STANDISH – Winthrop’s defense knew what was coming.

“We practiced all week, to throw the ball up and in, either way get the ball up,” Ramblers’ catcher Jordan Conant said. “That way, they get the bunts up.”

It didn’t matter.

“They even knew what our signs were,” admitted St. Dom’s coach Bob Blackman after the game. “We were still able to execute the plays when we needed to.”

Five stolen bases, three hit-and-run plays, two sacrifice bunts and a suicide squeeze — all in the first three innings – set the tone as the Saints legged out a 6-1 win over Winthrop at St. Joseph’s College on Wednesday night.

“I’m so sick of that term, ‘small-ball,'” Winthrop coach Marc Fortin said. “Everything they tried worked, and every time we tried to get something going they took us right out of it.”

The Saints also cut down four Winthrop runners as they tried to scamper around the bases, adding to the Ramblers’ frustrations.

“We practice against it all the time,” St. Dom’s second-baseman Casey Parker said. “It makes it easier on us to defend it, because we see it every day.”

No better example was there Wednesday of the Saints’ willingness to gamble a bit than in the first inning. With Winthrop’s defense relaxed as St. Dom’s pitcher Andy Allen stood in the batter’s box with a 1-2 count in the first inning, Blackman again flashed the bunt sign, and sent Parker into home on a suicide squeeze play.

Allen connected with the high-and-outside pitch and sent the ball dribbling between the pitcher and first base. So stunned were the infielders that not only was Parker safe at home, but Allen beat the bobbled throw to first, too.

“I’ve never seen someone bunt with two strikes on a suicide squeeze, come on,” Fortin said. “We knew that’s all they do, though.”

Conant found it tough to be always on his toes. As a catcher, he was routinely in the play on defense, fielding bunts and firing the ball to second on steal attempts.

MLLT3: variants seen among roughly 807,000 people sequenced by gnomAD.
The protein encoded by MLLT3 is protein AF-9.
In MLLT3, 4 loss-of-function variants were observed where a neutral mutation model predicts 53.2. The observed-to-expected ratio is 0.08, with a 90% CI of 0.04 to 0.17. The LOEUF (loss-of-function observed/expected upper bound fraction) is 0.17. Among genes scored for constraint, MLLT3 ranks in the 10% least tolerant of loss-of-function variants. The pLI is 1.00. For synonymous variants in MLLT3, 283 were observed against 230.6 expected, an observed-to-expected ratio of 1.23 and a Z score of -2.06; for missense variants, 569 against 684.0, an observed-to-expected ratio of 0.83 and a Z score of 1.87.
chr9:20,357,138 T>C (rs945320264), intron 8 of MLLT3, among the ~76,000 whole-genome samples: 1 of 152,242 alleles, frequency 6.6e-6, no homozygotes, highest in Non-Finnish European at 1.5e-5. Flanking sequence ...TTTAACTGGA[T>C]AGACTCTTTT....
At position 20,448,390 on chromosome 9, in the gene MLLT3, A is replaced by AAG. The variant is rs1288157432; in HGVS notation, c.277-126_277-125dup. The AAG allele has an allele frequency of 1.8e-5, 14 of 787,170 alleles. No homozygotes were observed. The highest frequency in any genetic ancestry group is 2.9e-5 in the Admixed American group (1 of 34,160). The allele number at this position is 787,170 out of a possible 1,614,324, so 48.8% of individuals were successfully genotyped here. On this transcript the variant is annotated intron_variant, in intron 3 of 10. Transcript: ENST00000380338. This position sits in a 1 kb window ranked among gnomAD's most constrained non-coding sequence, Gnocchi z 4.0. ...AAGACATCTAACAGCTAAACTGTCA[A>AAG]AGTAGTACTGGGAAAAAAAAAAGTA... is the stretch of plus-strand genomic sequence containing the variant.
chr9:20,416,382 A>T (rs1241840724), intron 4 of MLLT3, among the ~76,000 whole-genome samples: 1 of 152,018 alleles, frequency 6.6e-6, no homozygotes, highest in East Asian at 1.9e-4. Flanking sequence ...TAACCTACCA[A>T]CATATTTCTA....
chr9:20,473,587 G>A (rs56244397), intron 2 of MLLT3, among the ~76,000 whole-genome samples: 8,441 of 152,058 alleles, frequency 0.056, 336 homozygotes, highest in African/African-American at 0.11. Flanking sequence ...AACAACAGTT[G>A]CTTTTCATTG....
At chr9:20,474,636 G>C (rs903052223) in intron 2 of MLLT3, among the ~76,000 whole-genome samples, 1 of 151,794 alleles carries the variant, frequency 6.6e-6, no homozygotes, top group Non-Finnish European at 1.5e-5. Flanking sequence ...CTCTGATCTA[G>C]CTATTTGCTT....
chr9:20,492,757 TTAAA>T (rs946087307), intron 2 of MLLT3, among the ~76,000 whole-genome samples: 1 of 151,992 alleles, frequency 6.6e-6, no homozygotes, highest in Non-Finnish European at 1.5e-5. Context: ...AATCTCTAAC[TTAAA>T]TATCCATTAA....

“I was so tense. I was absolutely just throwing my arm out,” Conant said.

But just when the Ramblers thought they’d figured out the Saints’ attack, things changed – again.

Aaron Allen led off the top of the sixth inning with a towering fly ball to center that fell for a double after Winthrop fielder Tyler Cobb lost the ball in the lights. Joe Bonneau bunted Aaron Allen to third, and then with the infield drawn in and Parker at the plate, the diminutive second-baseman lined a shot over the third-baseman’s head to drive in another run.

“We’re not just one-dimensional – we have to remember that,” St. Dom’s coach Allan Turgeon. “We can hit the ball with the best of them when we have to.”

“In the Livermore game, we had to play long-ball with them to stay in the game,” Blackman pointed out. “And we did that, too.”

And it’s hard enough to execute a steady routine of bunts and stolen bases when no one knows what you’re doing.

But when everyone in the stands, along the fences and even in the other dugout knows exactly what you are going to do every time, the pressure mounts.

But perhaps not on the Saints.

“When they know what you’re going to do, the pressure is on them to make the plays, knowing it’s coming,” Blackman said. “We just do what we do all the time, so there isn’t as much pressure on us.”


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